• Wait while the browser loads. I know the urge to open a new tab and look at something else while a webpage loads can feel like a compulsive itch. Try to sit with that feeling rather than act on it.


Muscle: Presence
Strength Training Activities:


  • Meditate. Even if it’s for five minutes a day. The Calm app is great for this.
  • Yoga. This is an obvious one, but it’s worth sharing none the less.
  • Gratitude alerts. Twice daily reminders on your phone can help you remember to stop what you are doing, return to the present moment if you happen to be future tripping, and give thanks for the blessings in your life. (Bonus! This one also strengthens your gratitude muscles, too.)
  • Qigong. This is my newest habit I’ve incorporated into my routine (and the one I’m enjoying the most). Right now I enjoy this simple seven minute video at some point in the day (usually in the morning).


Muscle: Spirituality
Strength Training Activities:


  • Read spiritual books. This is a great way to expose yourself regularly to spirituality, but be sure to weave the teachings into your daily life for best results.
  • Join a spiritual group. A church, temple, center, or study group can help enhance your awareness, but be sure to do solo spiritual activities too to make sure the concepts are applied in your life outside the group as well.
  • Pray or chant. Depending on your spirituality, this may be a good place to start.
  • Journal. In my own life I’ve found the most powerful way to connect with my intuition is to write my gut and ask it questions about things I’m struggling with. This inquisitive journaling allows me to access wisdom I don’t even realize I have if I simply go through my day thinking whatever thoughts happen to pop into my head (usually from my ego). 


Muscle: Creativity or Communication
Strength Training Activities:


  • Journal or blog. If your brand of creativity is writing, consider creating a journal to capture your poems, stories, or ideas.
  • Draw or paint. If your version of creativity involves illustration or painting, find a way to bring that into your day, if only for a few minutes before you get ready in the morning or before you go to bed.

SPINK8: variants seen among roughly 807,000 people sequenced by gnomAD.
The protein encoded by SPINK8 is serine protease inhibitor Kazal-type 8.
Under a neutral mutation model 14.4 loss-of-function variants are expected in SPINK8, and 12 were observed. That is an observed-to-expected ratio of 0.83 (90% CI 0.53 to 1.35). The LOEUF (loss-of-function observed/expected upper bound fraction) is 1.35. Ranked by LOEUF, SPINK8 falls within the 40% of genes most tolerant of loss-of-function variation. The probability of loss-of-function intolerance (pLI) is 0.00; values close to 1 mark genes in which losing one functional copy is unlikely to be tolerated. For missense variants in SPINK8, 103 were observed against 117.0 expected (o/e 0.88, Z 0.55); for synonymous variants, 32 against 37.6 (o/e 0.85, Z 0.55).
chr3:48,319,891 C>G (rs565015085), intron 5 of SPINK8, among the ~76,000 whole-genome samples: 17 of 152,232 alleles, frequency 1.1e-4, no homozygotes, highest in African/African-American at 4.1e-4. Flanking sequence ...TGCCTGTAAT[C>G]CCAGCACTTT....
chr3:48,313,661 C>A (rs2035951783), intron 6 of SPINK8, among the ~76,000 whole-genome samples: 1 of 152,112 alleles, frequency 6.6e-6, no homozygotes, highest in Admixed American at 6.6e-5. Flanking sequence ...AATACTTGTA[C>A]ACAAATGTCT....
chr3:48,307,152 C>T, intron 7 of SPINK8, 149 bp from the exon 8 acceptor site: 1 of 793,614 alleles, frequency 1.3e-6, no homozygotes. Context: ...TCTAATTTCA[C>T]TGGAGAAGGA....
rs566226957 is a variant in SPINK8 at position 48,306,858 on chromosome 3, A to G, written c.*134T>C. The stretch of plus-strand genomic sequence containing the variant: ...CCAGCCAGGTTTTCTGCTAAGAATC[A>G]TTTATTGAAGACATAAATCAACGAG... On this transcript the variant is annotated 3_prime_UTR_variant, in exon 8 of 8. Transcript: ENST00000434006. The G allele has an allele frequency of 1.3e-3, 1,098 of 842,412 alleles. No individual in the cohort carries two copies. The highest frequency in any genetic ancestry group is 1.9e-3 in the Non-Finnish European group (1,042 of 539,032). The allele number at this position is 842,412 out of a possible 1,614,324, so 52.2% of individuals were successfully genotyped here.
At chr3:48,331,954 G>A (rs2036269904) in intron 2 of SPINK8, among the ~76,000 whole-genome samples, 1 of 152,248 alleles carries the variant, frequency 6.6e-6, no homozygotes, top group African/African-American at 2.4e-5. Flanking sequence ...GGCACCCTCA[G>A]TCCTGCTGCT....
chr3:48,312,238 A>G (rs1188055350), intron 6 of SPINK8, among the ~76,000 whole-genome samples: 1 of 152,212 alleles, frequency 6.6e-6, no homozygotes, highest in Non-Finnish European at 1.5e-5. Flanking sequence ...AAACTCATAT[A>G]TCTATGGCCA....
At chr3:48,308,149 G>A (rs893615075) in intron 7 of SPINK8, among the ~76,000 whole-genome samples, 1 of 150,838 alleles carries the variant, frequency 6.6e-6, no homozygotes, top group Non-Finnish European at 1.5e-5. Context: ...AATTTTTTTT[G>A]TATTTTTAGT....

• Practice your art. Whatever version of creativity you’d like to strengthen, find a way to weave it into your life through a mini ritual that you will look forward to.


Muscle: Focus
Strength Training Activities:


  • Single task. One browser tab at a time. Eat without distractions. Try driving without the radio or podcasts on for a bit.
  • Use a timer. This is a great new habit that has helped me focus immensely during my workday. I now try to batch my days into 90 minute chunks (yours can be anywhere from 20-90 minutes) with 30 minute breaks in between. Once I set the timer and I know I’m going to get a substantial break very soon, I find it much easier to stick to one task at a time. The Pomodoro Technique might also be helpful.
  • Meditation, yoga, or qigong. Pretty much anything that helps strengthen presence in your life can also strengthen your focus.


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  1. What an amazing round-up! I love the ideas for new routines to incorporate into your daily life!

    I practice yoga and meditation every morning, 5-days a week, and I can say without a doubt that those two activities first thing help set the tone of my entire day and it’s great for your overall well-being, too!

    Journaling is something that I’ve been working to make a daily habit for quite some time, my whole life, really. I did great in February and wrote everyday; however, March only has one entry so far. Time to work that back into my daily routine!

    Great post! Thank you for the tips! 🙂

    1. Jess Lively

      I love that you have your own variation of a Private Victory going in the morning! If you haven’t heard of it before, you might really get a kick out of the other aspects you could incorporate, too (though the two things you mentioned seem to already cover the physical/spiritual aspect, so maybe you’d just add something mental to the mix? Or maybe that would be journaling?).